Hannah’s Prayer (1 Sam. 2) by V. Phillips Long
Hannah’s prayer in response to having given birth to a son (1 Sam. 2:1-10) is full of concepts reflecting the realities and beliefs of the ancient world. Phil Long in his Samuel commentary in ZIBBCOT clarifies a few of these below that deal with views of deity and, especially views of kingship.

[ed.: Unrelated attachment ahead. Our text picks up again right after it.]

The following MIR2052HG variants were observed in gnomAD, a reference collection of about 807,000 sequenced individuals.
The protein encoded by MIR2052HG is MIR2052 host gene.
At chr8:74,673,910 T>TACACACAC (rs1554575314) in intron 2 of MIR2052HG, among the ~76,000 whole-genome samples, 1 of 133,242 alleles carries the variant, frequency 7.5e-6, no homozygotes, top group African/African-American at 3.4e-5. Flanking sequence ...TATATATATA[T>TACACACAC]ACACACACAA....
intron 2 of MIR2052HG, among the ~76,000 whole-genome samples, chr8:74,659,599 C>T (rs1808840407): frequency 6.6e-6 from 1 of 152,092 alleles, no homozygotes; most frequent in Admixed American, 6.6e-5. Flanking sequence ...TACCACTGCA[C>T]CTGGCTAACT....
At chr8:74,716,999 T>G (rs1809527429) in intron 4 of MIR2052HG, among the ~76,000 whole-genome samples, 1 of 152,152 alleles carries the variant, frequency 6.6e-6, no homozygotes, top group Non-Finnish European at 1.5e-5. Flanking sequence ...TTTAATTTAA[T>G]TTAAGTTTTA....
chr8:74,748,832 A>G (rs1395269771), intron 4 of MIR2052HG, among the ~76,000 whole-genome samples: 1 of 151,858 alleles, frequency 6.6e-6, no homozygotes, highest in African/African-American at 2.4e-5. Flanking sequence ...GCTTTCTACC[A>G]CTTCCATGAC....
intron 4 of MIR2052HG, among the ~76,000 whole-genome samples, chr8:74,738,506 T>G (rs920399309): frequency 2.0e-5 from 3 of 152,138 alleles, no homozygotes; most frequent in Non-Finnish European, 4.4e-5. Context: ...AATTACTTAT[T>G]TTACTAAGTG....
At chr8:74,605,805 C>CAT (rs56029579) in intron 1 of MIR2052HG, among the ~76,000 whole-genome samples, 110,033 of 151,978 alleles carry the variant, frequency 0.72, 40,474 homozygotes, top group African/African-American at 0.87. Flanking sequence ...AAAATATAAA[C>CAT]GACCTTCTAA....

The Lord brings death and makes alive; he brings down to the grave and raises up (2:6). The conviction that the fate of human beings is in the hands of God (or the gods) runs deep in ancient Near Eastern cultures. In the Akkadian creation epic known as the Enuma Elish, we read the following lines: "Thou, Marduk, art the most honored of the great gods, Thy decree is unrivaled, thy word is Anu [i.e., it has the authority of the sky-god Anu]. From this day unchangeable shall be thy pronouncement. To raise or bring low—these shall be (in) thy hand."1 From the Egyptian Instruction of Amenemope comes the following: "He [the deity] tears down and builds up every day, he makes a thousand poor as he wishes, and makes a thousand people overseers, when he is in his hour of life."2